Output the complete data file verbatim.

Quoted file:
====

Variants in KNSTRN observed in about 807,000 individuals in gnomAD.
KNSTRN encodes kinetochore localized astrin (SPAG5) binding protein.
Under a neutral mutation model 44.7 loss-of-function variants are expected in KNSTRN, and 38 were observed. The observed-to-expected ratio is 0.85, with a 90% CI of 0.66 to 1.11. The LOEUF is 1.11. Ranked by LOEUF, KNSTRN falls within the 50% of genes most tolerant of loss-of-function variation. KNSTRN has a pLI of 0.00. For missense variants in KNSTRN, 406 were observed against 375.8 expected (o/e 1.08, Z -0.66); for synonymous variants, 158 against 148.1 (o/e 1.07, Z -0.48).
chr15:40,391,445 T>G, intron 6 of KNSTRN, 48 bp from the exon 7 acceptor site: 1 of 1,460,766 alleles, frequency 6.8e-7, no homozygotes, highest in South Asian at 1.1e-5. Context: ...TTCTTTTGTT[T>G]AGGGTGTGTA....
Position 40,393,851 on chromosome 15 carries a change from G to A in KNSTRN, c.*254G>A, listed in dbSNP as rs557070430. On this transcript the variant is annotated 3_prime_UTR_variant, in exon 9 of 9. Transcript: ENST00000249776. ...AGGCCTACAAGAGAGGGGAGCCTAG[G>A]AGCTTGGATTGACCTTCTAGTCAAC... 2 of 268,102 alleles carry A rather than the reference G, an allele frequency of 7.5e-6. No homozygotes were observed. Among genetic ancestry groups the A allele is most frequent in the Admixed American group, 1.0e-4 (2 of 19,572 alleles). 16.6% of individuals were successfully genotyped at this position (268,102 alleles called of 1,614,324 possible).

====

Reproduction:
Variants in KNSTRN observed in about 807,000 individuals in gnomAD.
KNSTRN encodes kinetochore localized astrin (SPAG5) binding protein.
Under a neutral mutation model 44.7 loss-of-function variants are expected in KNSTRN, and 38 were observed. The observed-to-expected ratio is 0.85, with a 90% CI of 0.66 to 1.11. The LOEUF is 1.11. Ranked by LOEUF, KNSTRN falls within the 50% of genes most tolerant of loss-of-function variation. KNSTRN has a pLI of 0.00. For missense variants in KNSTRN, 406 were observed against 375.8 expected (o/e 1.08, Z -0.66); for synonymous variants, 158 against 148.1 (o/e 1.07, Z -0.48).
chr15:40,391,445 T>G, intron 6 of KNSTRN, 48 bp from the exon 7 acceptor site: 1 of 1,460,766 alleles, frequency 6.8e-7, no homozygotes, highest in South Asian at 1.1e-5. Context: ...TTCTTTTGTT[T>G]AGGGTGTGTA....
Position 40,393,851 on chromosome 15 carries a change from G to A in KNSTRN, c.*254G>A, listed in dbSNP as rs557070430. On this transcript the variant is annotated 3_prime_UTR_variant, in exon 9 of 9. Transcript: ENST00000249776. ...AGGCCTACAAGAGAGGGGAGCCTAG[G>A]AGCTTGGATTGACCTTCTAGTCAAC... 2 of 268,102 alleles carry A rather than the reference G, an allele frequency of 7.5e-6. No homozygotes were observed. Among genetic ancestry groups the A allele is most frequent in the Admixed American group, 1.0e-4 (2 of 19,572 alleles). 16.6% of individuals were successfully genotyped at this position (268,102 alleles called of 1,614,324 possible).